Photo of Michelle McIlveen Michelle McIlveen DUP

So, schools are being very creative.

Photo of Pat Sheehan Pat Sheehan Sinn Féin

On 2 September, trade union representatives gave evidence to the Committee for Education and told us that they were unaware of any contingency plans to deal with serious disruption as a result of COVID in schools. Since then, the situation has deteriorated. If schools are to remain open, it is imperative that plans are in place to deal with issues such as continuity of learning, exams, support for children with special educational needs and so on.

Photo of Alex Maskey Alex Maskey Sinn Féin

Can you come to a question, Member?

Photo of Pat Sheehan Pat Sheehan Sinn Féin

Can the Minister tell us when we can expect to see those plans?

Photo of Michelle McIlveen Michelle McIlveen DUP

I thank the Member for his question. I take a little bit of issue with the inference that school leaders have not been supported and that there are not any plans in place if the situation deteriorates. My priority is very much to ensure that our young people remain in school, not only for educational purposes but for their mental health and their well-being. As the Member knows, school is a refuge for some of those pupils. It is imperative that we recognise that this is an issue. I believe that disruption should be somewhat reduced for many by the role that the PHA is now playing, particularly in relation to contact tracing.

Experience over the past 18 months has meant that blended learning and remote learning practices are now well established. Teachers are now skilled in this in a way that they were not at the start of the pandemic. The Member will also be aware of the announcement made by my predecessor in May on public examinations and the reduced content of those. Contingency plans are being developed by CCEA for awarding qualifications if required. These arrangements will be based largely on the professional judgement process that was deployed last year and will obviously be refined to take account of lessons learned through that process. As we have heard, the transfer test will be very much a matter for the providers and the member schools, taking cognisance of public health advice at the time.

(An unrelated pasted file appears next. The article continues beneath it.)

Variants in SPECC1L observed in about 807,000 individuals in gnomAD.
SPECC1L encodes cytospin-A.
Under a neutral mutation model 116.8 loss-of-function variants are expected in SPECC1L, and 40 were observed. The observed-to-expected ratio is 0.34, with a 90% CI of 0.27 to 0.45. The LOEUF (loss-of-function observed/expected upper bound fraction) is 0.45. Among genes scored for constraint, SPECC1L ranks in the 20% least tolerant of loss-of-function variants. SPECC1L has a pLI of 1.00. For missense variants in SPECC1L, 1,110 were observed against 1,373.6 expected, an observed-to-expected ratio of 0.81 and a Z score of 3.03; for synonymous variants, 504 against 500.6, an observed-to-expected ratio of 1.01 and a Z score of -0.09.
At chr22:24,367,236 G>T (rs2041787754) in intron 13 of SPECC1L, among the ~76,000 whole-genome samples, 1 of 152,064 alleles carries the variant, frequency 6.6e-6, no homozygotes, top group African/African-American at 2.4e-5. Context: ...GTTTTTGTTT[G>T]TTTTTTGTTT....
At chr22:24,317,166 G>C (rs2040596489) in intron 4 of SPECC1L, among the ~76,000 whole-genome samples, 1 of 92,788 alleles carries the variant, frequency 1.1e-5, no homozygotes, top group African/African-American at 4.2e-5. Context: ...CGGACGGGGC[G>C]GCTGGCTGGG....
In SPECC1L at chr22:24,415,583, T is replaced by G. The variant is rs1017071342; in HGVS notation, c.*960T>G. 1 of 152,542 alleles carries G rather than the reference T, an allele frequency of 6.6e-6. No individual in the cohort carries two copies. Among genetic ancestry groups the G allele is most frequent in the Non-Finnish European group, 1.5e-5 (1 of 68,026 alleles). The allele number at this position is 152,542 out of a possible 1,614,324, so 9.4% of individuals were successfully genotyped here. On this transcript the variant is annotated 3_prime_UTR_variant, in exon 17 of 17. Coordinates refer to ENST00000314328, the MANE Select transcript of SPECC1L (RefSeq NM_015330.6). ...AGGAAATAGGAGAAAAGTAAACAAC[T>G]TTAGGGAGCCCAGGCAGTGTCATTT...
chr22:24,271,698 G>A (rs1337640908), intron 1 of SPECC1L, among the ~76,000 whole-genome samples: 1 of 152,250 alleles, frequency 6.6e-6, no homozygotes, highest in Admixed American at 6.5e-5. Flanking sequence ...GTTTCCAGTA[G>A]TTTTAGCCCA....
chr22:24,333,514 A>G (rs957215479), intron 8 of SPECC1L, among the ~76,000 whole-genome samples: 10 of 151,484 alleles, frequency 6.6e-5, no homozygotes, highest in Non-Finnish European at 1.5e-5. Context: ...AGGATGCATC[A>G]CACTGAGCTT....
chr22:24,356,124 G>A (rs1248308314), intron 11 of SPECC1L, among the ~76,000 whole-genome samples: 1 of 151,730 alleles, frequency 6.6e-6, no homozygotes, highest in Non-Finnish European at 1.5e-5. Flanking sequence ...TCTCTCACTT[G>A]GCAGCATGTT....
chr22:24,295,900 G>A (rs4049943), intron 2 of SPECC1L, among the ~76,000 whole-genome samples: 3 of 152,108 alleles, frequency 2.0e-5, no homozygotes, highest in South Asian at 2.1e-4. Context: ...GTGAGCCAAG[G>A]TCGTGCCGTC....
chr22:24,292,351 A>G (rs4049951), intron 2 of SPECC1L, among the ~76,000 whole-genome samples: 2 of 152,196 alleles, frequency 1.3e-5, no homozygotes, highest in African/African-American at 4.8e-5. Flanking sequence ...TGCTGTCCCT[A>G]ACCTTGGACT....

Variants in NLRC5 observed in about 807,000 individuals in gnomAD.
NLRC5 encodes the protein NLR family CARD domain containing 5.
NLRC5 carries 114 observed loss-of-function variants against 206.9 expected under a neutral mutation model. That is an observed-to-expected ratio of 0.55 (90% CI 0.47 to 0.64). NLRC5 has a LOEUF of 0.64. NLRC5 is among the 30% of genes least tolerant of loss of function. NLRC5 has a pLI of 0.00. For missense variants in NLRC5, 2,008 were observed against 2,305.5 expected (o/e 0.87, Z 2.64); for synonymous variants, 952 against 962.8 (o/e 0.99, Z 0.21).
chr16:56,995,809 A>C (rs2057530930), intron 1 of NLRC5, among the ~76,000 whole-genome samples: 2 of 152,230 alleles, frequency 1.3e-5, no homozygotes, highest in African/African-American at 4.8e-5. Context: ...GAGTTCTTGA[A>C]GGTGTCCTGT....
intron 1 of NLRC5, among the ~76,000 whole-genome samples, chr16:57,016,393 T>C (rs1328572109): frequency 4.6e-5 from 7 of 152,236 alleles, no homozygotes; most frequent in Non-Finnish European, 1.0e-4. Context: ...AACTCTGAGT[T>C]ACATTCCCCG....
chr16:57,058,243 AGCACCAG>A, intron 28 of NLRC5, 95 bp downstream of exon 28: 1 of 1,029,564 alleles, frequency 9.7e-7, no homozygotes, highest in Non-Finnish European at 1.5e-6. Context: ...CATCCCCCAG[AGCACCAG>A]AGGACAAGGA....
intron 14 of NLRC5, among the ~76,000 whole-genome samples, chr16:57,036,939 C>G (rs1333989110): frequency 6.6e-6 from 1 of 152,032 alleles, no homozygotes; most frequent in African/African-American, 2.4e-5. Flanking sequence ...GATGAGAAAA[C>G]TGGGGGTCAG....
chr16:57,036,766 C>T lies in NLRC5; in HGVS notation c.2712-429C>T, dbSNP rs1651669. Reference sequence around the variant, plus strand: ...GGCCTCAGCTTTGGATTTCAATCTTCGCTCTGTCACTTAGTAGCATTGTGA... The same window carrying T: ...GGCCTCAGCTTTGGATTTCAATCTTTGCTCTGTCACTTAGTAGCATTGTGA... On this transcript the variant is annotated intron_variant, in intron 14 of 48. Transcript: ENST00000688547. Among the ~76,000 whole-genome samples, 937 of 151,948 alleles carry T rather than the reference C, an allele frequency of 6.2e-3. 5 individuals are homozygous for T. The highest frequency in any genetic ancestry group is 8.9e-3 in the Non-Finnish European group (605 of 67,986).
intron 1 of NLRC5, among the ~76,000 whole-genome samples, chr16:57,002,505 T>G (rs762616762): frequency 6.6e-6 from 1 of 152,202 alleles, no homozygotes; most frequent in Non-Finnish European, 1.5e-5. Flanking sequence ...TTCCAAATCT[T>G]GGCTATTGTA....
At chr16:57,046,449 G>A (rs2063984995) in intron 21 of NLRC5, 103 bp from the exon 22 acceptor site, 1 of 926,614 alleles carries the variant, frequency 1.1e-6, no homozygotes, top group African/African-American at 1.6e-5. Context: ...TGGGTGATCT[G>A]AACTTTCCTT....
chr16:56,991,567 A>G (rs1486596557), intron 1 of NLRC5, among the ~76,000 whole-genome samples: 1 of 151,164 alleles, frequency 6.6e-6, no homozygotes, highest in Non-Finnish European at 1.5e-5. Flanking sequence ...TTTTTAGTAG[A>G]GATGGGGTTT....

I have to be a realist, and I am. I recognise that the pandemic is very much a fluid situation, and contingency planning is taking place. However, I also want to be an optimist. I hope that these plans will not be used and that, if they are, they will be used only as a last resort. I want to give confidence to the Member that contingency planning is taking place.

Photo of Robin Newton Robin Newton DUP

Minister, we are all concerned about the safety of pupils, teachers and, indeed, the general staff in schools. Can you be specific about the impact that contact tracing has had on pupil attendance since the start of this term?

Photo of Michelle McIlveen Michelle McIlveen DUP

I thank the Member for his question. Attendance data for the week commencing 13 September showed 1% of the total pupil sessions being recorded as pupils self-isolating having been identified as a close contact of a positive case. This is a significant reduction from the corresponding figure of 2·7% of sessions in the week commencing 6 September. The more targeted approach to contact tracing that is now being used by the Public Health Agency has enabled a significant reduction in the number of school days being missed through self-isolation as a close contact. The Chief Medical Officer explained in his open letter that only a very small proportion of close contacts go on to test positive and, therefore, it was the correct approach to move to more closely targeted close contacts. As we know, too many children have been identified as close contacts already this year. It is right that we have taken the action that we have done to allow children to stay in school.